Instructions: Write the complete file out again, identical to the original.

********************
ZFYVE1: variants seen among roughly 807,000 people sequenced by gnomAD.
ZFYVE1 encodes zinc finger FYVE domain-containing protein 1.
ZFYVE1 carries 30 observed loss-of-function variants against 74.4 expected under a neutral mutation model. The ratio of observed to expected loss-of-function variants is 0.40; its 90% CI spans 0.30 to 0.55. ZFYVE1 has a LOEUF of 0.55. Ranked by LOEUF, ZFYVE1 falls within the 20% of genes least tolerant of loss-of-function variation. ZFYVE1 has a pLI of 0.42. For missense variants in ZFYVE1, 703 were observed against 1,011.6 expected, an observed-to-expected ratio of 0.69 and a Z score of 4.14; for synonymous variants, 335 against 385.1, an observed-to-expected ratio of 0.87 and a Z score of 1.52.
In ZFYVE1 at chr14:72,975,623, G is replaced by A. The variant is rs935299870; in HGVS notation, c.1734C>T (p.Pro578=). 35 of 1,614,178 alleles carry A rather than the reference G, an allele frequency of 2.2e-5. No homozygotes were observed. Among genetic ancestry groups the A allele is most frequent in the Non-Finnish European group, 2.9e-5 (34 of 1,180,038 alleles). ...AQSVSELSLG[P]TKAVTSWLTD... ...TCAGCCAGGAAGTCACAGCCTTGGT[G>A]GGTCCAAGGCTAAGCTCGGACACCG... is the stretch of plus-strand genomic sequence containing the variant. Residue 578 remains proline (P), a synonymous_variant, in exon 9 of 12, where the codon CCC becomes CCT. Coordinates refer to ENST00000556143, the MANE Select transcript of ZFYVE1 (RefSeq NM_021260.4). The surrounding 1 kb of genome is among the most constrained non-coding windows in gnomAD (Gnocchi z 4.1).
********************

ZFYVE1: variants seen among roughly 807,000 people sequenced by gnomAD.
ZFYVE1 encodes zinc finger FYVE domain-containing protein 1.
ZFYVE1 carries 30 observed loss-of-function variants against 74.4 expected under a neutral mutation model. The ratio of observed to expected loss-of-function variants is 0.40; its 90% CI spans 0.30 to 0.55. ZFYVE1 has a LOEUF of 0.55. Ranked by LOEUF, ZFYVE1 falls within the 20% of genes least tolerant of loss-of-function variation. ZFYVE1 has a pLI of 0.42. For missense variants in ZFYVE1, 703 were observed against 1,011.6 expected, an observed-to-expected ratio of 0.69 and a Z score of 4.14; for synonymous variants, 335 against 385.1, an observed-to-expected ratio of 0.87 and a Z score of 1.52.
In ZFYVE1 at chr14:72,975,623, G is replaced by A. The variant is rs935299870; in HGVS notation, c.1734C>T (p.Pro578=). 35 of 1,614,178 alleles carry A rather than the reference G, an allele frequency of 2.2e-5. No homozygotes were observed. Among genetic ancestry groups the A allele is most frequent in the Non-Finnish European group, 2.9e-5 (34 of 1,180,038 alleles). ...AQSVSELSLG[P]TKAVTSWLTD... ...TCAGCCAGGAAGTCACAGCCTTGGT[G>A]GGTCCAAGGCTAAGCTCGGACACCG... is the stretch of plus-strand genomic sequence containing the variant. Residue 578 remains proline (P), a synonymous_variant, in exon 9 of 12, where the codon CCC becomes CCT. Coordinates refer to ENST00000556143, the MANE Select transcript of ZFYVE1 (RefSeq NM_021260.4). The surrounding 1 kb of genome is among the most constrained non-coding windows in gnomAD (Gnocchi z 4.1).